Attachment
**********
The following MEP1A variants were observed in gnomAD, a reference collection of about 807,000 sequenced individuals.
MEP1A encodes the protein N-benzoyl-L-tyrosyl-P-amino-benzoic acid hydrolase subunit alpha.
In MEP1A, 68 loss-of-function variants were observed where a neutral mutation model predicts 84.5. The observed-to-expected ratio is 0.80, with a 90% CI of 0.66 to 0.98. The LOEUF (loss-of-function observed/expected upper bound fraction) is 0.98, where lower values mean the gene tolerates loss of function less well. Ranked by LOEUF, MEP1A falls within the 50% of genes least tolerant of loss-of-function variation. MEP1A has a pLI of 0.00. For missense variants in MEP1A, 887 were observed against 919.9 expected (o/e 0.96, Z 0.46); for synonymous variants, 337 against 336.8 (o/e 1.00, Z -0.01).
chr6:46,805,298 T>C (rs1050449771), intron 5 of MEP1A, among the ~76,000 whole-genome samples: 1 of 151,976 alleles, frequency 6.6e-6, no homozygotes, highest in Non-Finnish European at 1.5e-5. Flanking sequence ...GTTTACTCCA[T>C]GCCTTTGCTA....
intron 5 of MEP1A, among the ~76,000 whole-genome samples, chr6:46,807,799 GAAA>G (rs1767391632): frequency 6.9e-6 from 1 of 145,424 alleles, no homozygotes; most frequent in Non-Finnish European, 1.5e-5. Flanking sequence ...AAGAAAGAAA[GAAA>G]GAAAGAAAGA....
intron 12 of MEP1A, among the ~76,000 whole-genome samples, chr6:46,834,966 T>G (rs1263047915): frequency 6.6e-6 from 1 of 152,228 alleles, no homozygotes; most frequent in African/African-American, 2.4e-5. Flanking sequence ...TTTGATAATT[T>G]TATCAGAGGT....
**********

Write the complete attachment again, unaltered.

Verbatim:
The following MEP1A variants were observed in gnomAD, a reference collection of about 807,000 sequenced individuals.
MEP1A encodes the protein N-benzoyl-L-tyrosyl-P-amino-benzoic acid hydrolase subunit alpha.
In MEP1A, 68 loss-of-function variants were observed where a neutral mutation model predicts 84.5. The observed-to-expected ratio is 0.80, with a 90% CI of 0.66 to 0.98. The LOEUF (loss-of-function observed/expected upper bound fraction) is 0.98, where lower values mean the gene tolerates loss of function less well. Ranked by LOEUF, MEP1A falls within the 50% of genes least tolerant of loss-of-function variation. MEP1A has a pLI of 0.00. For missense variants in MEP1A, 887 were observed against 919.9 expected (o/e 0.96, Z 0.46); for synonymous variants, 337 against 336.8 (o/e 1.00, Z -0.01).
chr6:46,805,298 T>C (rs1050449771), intron 5 of MEP1A, among the ~76,000 whole-genome samples: 1 of 151,976 alleles, frequency 6.6e-6, no homozygotes, highest in Non-Finnish European at 1.5e-5. Flanking sequence ...GTTTACTCCA[T>C]GCCTTTGCTA....
intron 5 of MEP1A, among the ~76,000 whole-genome samples, chr6:46,807,799 GAAA>G (rs1767391632): frequency 6.9e-6 from 1 of 145,424 alleles, no homozygotes; most frequent in Non-Finnish European, 1.5e-5. Flanking sequence ...AAGAAAGAAA[GAAA>G]GAAAGAAAGA....
intron 12 of MEP1A, among the ~76,000 whole-genome samples, chr6:46,834,966 T>G (rs1263047915): frequency 6.6e-6 from 1 of 152,228 alleles, no homozygotes; most frequent in African/African-American, 2.4e-5. Flanking sequence ...TTTGATAATT[T>G]TATCAGAGGT....